Review "The Girl of the Golden West": Shimmering Nugget of Riches

Lyric Opera of Chicago presents

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At the Civic Opera House, 20 N. Wacker
Composed by Giacomo Puccini
Three Acts performed in Italian with English titles
Libretto by Guelfo Civinini and Carlo Zangarini
Based on David Belasco’s play “The Girl of the Golden West”
Conducted by Sir Andrew Davis
Stage direction by Vincent Liotta
January 26th & 29th and February 18th at 2pm
February 4th, 9th, 12th, 15th & 21st at 7:30
Buy Tickets
Running Time:  Three hours with two intermissions of fifteen minutes each

Reviewed by Katy Walsh

In 1849, the trendy get-rich-quick scheme drove tens of thousands of men to California.  Boomtowns sprung out of mining camps. Disagreements over whiskey, gold or a woman were settled at gun point.  The Gold Rush was a rugged era of Americana where greed and corruption were punishable by hanging… no court system required, guilty as charged!  Lyric Opera of Chicago presents THE GIRL OF THE GOLDEN WEST, a Puccini three act Italian opera based on the 1905 play “The Girl of the Golden West.”  The local saloon is owned by Minnie.  Without much female competition, Minnie is the miners’ darling.  She supplies the liquor and the nurturing required in the unruly, lonely and deadly mining world.   Everybody loves Minnie!  As proof of their adoration, the guys trust her to guard their gold. When a mysterious stranger arrives in town, Minnie is captivated.  Is he who he says he is?  Or is he romancing the nugget?  The Lyric Opera’s THE GIRL OF THE GOLDEN WEST is a one-of-a-kind romantic western opera.

01. Act 1, Girl of the Golden West RST_9765, c. Dan Rest.jpg

Under the energetic and enthusiastic baton of Sir Andrew Davis, the Puccini notes are powerful, lush musicality.  There is a reason people want love to be like it is in a Puccini opera.  His music crescendos with heart-filled passion and emotional enchantment.   Without speaking Italian or reading subtitles, Puccini duets are always understood for the love poignancy of the music… luckily for this production. Davis’ zealous actualization often times over-powers the singers, especially in Act 1.  Despite a fairly large male chorus and strong principals, the vocal projections are overshadowed by the commanding musical presence of the band.  When the full chorus returns in Act 3, a better balance allow the chorus verses orchestra showdowns to end in a draw:  Guns-1 Instruments -1.  

In the lead, Deborah Voigt (Minnie) IS the miners’ darling.  Voigt works the men with seasoned flirtation denial.  Gal shoots whiskey or a pistol with sassy fervor.  Cue Marcello Giordani (Johnson) and Voigt puddles with a dreamy vulnerability.  Their duet ‘Mister Johnson, siete rimasto indietro’ is a charming courtship dance.  Later, they each vehemently plead for the other’s interest in separate and equally passionate arias.  Out of the delightful chemistry between Viogt and Giordani is a not-so-innocent, enamored love affair.  Playing the jilted wanna-be-lover, Marco Vratogna (Rance) is wonderfully sinister as the married sheriff.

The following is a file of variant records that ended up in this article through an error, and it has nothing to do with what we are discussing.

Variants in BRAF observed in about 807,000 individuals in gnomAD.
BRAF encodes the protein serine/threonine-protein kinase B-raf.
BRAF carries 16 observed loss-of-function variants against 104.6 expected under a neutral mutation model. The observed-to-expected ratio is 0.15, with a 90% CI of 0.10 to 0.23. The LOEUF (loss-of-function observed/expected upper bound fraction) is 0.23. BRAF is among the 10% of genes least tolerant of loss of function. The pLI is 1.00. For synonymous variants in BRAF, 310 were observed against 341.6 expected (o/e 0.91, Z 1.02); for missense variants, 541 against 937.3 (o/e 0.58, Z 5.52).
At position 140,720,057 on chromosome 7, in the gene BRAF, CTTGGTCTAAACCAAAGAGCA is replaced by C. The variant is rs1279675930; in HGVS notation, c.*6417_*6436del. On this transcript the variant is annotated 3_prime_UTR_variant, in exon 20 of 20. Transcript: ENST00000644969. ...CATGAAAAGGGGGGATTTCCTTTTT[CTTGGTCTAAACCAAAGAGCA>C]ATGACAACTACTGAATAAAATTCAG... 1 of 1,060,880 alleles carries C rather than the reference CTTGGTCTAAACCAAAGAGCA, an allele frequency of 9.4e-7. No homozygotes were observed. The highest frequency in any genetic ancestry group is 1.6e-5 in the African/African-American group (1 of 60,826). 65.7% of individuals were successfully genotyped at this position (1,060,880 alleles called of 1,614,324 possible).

09. Act 3, Girl of the Golden West DAN_5250 c. Dan Rest.jpg

For Americans, there is an initial element of adjustment in the first scene.  Sure, it looks like an authentic western with a saloon of miners drinking whiskey and playing cards in between scuffles.  But from the first Italian word sung, you know this ain’t your great-great-great-great grand daddy’s gold rush.  Listening to any western in the beautiful Italian language, true grit erodes for a more polished sophistication.  Still, THE GIRL OF THE GOLDEN WEST is a shimmering nugget of riches.  It will have you wishing that love always came with a Puccini soundtrack.

A man with limited operatic experience but a keen sense of hearing, Joshua Volkers picked up on the Andrew Lloyd Weber ‘inspiration’ for “Phantom of the Opera.”   A recurring melody of this 1910 opera has been a legal dispute for the 1986 musical’s song, ‘The Music of the Night.’

Production Photography by Dan Rest.

With the messy construction on Wacker, it’s better to plan an evening that doesn’t require a close to curtain arrival.  We decide to dine IN the opera house at the third floor’s café.  Florian Bistro is adorned with Lyric operatic history and exclusive to performance ticket holders.  The bistro opens at 6pm for the 7:30pm show.  Anticipating the initial rush hits at 6pm, we go for the gold at 6:40pm.  My Florian experience is that the staff is efficient and always focused on curtain time.  The conscientious host offers us menus to ensure order expediency.   Despite a line, we sit within five minutes.  It’s 6:45.  We wait for ten minutes for a server to take interest.  When he finally arrives, we easily spout out our drink and meal order in seconds.  Basically, we’re both getting ham and cheese sandwiches, a glass of champagne and a glass of Malbec.  The server fumbles with the hand-held device taking excessive time to enter in and clarify our requests.  It’s easy for me to understand how 1840 negotiations were more impactful at gun point.  Another lull of inactivity and our drinks arrive a minute before our food.   The Florian menu is simple and small to ensure the timing is quick.  The Bistro is clearing out and our server drops off our bill.  We indicate we want dessert.  Once again, the entry of the request is painfully slow.  If not a gun, I wish I had a Florian ap and could just text in my request to the kitchen.  The food runner brings out the chocolate decadency in moments.  The coffee arrives via our server after a delay.  Without the patience to request it, I get cream and sugar from a vacated table.  With five minutes to spare, we walk down the staircase and into the majestic Lyric Opera experience.  Pure gold!     

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